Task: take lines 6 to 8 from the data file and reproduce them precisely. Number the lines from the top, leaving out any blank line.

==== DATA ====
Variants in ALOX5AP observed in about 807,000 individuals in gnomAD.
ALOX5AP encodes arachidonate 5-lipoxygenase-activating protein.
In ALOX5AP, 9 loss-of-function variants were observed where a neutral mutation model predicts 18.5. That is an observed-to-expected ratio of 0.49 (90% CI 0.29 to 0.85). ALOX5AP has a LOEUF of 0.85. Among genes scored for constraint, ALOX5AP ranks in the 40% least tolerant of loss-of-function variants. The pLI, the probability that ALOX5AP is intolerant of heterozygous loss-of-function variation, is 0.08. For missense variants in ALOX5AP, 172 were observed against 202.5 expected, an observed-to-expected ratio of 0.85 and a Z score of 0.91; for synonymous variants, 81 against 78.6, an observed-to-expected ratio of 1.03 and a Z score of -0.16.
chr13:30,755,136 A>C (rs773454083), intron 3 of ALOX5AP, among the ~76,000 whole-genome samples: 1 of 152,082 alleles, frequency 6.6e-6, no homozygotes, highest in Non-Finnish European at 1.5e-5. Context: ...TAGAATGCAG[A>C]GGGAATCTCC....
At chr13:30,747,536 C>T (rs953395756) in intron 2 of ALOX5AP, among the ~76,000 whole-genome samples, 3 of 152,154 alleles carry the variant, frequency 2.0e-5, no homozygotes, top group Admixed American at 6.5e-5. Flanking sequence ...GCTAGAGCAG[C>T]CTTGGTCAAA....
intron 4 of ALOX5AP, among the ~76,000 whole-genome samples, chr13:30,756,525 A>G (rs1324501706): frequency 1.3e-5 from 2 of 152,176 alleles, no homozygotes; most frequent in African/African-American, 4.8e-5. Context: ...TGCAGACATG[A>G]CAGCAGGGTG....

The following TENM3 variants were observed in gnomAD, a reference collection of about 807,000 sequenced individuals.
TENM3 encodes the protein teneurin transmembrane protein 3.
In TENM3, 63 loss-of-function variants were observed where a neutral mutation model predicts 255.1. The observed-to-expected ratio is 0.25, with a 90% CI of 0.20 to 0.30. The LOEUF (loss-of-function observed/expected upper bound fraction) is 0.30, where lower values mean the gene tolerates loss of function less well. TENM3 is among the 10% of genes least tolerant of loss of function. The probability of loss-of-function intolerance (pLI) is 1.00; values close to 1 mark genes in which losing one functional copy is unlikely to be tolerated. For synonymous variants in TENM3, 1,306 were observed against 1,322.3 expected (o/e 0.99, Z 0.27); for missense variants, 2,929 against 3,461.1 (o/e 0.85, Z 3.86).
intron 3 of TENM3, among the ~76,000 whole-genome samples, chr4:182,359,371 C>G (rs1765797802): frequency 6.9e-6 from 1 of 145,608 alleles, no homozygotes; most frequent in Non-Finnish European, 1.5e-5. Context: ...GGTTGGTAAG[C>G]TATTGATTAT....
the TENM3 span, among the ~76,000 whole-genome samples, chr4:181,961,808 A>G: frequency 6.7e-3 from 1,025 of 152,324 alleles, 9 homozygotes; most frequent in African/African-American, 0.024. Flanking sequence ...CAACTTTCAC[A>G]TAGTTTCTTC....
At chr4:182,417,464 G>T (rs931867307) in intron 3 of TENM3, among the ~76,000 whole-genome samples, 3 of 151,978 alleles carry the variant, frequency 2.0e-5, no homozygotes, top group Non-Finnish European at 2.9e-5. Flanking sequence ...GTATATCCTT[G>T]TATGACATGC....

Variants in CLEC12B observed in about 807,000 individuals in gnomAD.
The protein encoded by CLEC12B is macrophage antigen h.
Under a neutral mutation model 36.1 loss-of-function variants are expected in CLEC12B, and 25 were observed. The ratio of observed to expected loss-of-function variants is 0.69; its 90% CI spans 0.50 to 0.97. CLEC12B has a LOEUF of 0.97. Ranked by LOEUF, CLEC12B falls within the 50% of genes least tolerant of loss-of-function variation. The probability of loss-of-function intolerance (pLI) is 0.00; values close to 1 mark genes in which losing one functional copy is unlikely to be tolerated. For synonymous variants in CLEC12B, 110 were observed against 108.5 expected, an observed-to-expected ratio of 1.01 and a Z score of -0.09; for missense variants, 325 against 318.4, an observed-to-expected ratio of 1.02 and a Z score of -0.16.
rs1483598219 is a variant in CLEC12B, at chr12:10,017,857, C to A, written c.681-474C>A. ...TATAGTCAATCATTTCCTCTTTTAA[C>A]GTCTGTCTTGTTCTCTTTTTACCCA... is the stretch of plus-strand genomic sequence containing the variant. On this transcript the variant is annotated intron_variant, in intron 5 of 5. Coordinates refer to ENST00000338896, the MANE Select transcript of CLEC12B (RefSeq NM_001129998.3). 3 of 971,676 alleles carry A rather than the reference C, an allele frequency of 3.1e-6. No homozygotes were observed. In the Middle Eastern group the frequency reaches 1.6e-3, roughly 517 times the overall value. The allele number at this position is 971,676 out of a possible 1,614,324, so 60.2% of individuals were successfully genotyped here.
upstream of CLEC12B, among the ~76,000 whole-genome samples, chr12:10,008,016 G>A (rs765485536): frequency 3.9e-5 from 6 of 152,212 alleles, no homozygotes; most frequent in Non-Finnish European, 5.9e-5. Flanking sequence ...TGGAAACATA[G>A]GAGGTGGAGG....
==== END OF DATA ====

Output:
intron 4 of ALOX5AP, among the ~76,000 whole-genome samples, chr13:30,756,525 A>G (rs1324501706): frequency 1.3e-5 from 2 of 152,176 alleles, no homozygotes; most frequent in African/African-American, 4.8e-5. Context: ...TGCAGACATG[A>G]CAGCAGGGTG....

The following TENM3 variants were observed in gnomAD, a reference collection of about 807,000 sequenced individuals.
TENM3 encodes the protein teneurin transmembrane protein 3.